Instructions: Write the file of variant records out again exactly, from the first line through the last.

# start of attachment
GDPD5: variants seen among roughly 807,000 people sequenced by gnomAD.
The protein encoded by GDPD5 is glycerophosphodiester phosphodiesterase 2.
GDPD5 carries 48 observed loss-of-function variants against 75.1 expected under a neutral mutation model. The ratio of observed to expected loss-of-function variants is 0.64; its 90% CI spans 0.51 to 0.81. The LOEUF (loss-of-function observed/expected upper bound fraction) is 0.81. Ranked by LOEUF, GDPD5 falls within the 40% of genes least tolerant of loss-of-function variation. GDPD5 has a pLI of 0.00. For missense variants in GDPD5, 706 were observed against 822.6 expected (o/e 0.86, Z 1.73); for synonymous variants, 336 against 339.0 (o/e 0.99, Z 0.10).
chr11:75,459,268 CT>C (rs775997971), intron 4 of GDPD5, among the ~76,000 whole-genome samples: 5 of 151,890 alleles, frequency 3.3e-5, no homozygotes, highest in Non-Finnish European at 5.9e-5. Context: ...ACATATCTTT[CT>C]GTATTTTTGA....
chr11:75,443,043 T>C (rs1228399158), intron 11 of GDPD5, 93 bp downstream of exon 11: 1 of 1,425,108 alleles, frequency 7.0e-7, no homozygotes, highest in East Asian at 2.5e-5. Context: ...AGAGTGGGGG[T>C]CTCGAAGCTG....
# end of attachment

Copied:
GDPD5: variants seen among roughly 807,000 people sequenced by gnomAD.
The protein encoded by GDPD5 is glycerophosphodiester phosphodiesterase 2.
GDPD5 carries 48 observed loss-of-function variants against 75.1 expected under a neutral mutation model. The ratio of observed to expected loss-of-function variants is 0.64; its 90% CI spans 0.51 to 0.81. The LOEUF (loss-of-function observed/expected upper bound fraction) is 0.81. Ranked by LOEUF, GDPD5 falls within the 40% of genes least tolerant of loss-of-function variation. GDPD5 has a pLI of 0.00. For missense variants in GDPD5, 706 were observed against 822.6 expected (o/e 0.86, Z 1.73); for synonymous variants, 336 against 339.0 (o/e 0.99, Z 0.10).
chr11:75,459,268 CT>C (rs775997971), intron 4 of GDPD5, among the ~76,000 whole-genome samples: 5 of 151,890 alleles, frequency 3.3e-5, no homozygotes, highest in Non-Finnish European at 5.9e-5. Context: ...ACATATCTTT[CT>C]GTATTTTTGA....
chr11:75,443,043 T>C (rs1228399158), intron 11 of GDPD5, 93 bp downstream of exon 11: 1 of 1,425,108 alleles, frequency 7.0e-7, no homozygotes, highest in East Asian at 2.5e-5. Context: ...AGAGTGGGGG[T>C]CTCGAAGCTG....